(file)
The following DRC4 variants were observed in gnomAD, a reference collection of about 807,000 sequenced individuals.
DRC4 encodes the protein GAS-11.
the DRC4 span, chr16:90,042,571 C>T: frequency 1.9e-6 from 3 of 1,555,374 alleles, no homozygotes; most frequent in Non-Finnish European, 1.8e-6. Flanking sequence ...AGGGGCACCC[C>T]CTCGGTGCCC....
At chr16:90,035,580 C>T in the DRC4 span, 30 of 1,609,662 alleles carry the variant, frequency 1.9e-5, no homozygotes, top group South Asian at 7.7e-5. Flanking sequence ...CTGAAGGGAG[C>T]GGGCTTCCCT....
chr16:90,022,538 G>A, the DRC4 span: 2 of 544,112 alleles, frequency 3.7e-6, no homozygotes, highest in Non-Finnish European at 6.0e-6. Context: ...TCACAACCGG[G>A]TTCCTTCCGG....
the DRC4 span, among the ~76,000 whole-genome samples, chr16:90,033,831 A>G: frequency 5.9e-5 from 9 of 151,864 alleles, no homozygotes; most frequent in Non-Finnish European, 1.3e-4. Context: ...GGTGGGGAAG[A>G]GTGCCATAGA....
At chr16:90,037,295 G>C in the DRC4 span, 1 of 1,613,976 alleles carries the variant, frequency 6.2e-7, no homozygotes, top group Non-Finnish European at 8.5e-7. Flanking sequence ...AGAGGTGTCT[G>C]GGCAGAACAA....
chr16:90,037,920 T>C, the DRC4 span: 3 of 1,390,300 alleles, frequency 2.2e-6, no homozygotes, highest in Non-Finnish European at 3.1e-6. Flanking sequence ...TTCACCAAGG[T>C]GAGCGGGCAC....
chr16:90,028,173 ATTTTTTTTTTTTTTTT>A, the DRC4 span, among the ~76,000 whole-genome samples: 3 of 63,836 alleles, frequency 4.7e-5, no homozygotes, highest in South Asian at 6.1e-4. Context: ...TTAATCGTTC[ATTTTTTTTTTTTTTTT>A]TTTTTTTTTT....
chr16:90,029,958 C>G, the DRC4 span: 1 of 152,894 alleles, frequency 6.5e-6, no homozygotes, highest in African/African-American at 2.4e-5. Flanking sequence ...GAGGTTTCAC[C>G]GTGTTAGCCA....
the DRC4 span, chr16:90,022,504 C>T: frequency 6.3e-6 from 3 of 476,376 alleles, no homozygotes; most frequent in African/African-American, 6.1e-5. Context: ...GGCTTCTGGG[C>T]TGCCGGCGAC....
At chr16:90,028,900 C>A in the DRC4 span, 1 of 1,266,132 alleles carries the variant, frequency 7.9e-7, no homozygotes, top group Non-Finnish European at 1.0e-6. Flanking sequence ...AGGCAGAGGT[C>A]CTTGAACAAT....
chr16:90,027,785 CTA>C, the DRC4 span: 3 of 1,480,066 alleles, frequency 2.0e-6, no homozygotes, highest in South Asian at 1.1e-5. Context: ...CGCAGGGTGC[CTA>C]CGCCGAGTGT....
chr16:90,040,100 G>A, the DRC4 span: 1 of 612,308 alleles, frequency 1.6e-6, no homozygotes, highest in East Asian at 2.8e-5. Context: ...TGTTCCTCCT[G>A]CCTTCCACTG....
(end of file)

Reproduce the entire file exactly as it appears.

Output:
The following DRC4 variants were observed in gnomAD, a reference collection of about 807,000 sequenced individuals.
DRC4 encodes the protein GAS-11.
the DRC4 span, chr16:90,042,571 C>T: frequency 1.9e-6 from 3 of 1,555,374 alleles, no homozygotes; most frequent in Non-Finnish European, 1.8e-6. Flanking sequence ...AGGGGCACCC[C>T]CTCGGTGCCC....
At chr16:90,035,580 C>T in the DRC4 span, 30 of 1,609,662 alleles carry the variant, frequency 1.9e-5, no homozygotes, top group South Asian at 7.7e-5. Flanking sequence ...CTGAAGGGAG[C>T]GGGCTTCCCT....
chr16:90,022,538 G>A, the DRC4 span: 2 of 544,112 alleles, frequency 3.7e-6, no homozygotes, highest in Non-Finnish European at 6.0e-6. Context: ...TCACAACCGG[G>A]TTCCTTCCGG....
the DRC4 span, among the ~76,000 whole-genome samples, chr16:90,033,831 A>G: frequency 5.9e-5 from 9 of 151,864 alleles, no homozygotes; most frequent in Non-Finnish European, 1.3e-4. Context: ...GGTGGGGAAG[A>G]GTGCCATAGA....
At chr16:90,037,295 G>C in the DRC4 span, 1 of 1,613,976 alleles carries the variant, frequency 6.2e-7, no homozygotes, top group Non-Finnish European at 8.5e-7. Flanking sequence ...AGAGGTGTCT[G>C]GGCAGAACAA....
chr16:90,037,920 T>C, the DRC4 span: 3 of 1,390,300 alleles, frequency 2.2e-6, no homozygotes, highest in Non-Finnish European at 3.1e-6. Flanking sequence ...TTCACCAAGG[T>C]GAGCGGGCAC....
chr16:90,028,173 ATTTTTTTTTTTTTTTT>A, the DRC4 span, among the ~76,000 whole-genome samples: 3 of 63,836 alleles, frequency 4.7e-5, no homozygotes, highest in South Asian at 6.1e-4. Context: ...TTAATCGTTC[ATTTTTTTTTTTTTTTT>A]TTTTTTTTTT....
chr16:90,029,958 C>G, the DRC4 span: 1 of 152,894 alleles, frequency 6.5e-6, no homozygotes, highest in African/African-American at 2.4e-5. Flanking sequence ...GAGGTTTCAC[C>G]GTGTTAGCCA....
the DRC4 span, chr16:90,022,504 C>T: frequency 6.3e-6 from 3 of 476,376 alleles, no homozygotes; most frequent in African/African-American, 6.1e-5. Context: ...GGCTTCTGGG[C>T]TGCCGGCGAC....
At chr16:90,028,900 C>A in the DRC4 span, 1 of 1,266,132 alleles carries the variant, frequency 7.9e-7, no homozygotes, top group Non-Finnish European at 1.0e-6. Flanking sequence ...AGGCAGAGGT[C>A]CTTGAACAAT....
chr16:90,027,785 CTA>C, the DRC4 span: 3 of 1,480,066 alleles, frequency 2.0e-6, no homozygotes, highest in South Asian at 1.1e-5. Context: ...CGCAGGGTGC[CTA>C]CGCCGAGTGT....
chr16:90,040,100 G>A, the DRC4 span: 1 of 612,308 alleles, frequency 1.6e-6, no homozygotes, highest in East Asian at 2.8e-5. Context: ...TGTTCCTCCT[G>A]CCTTCCACTG....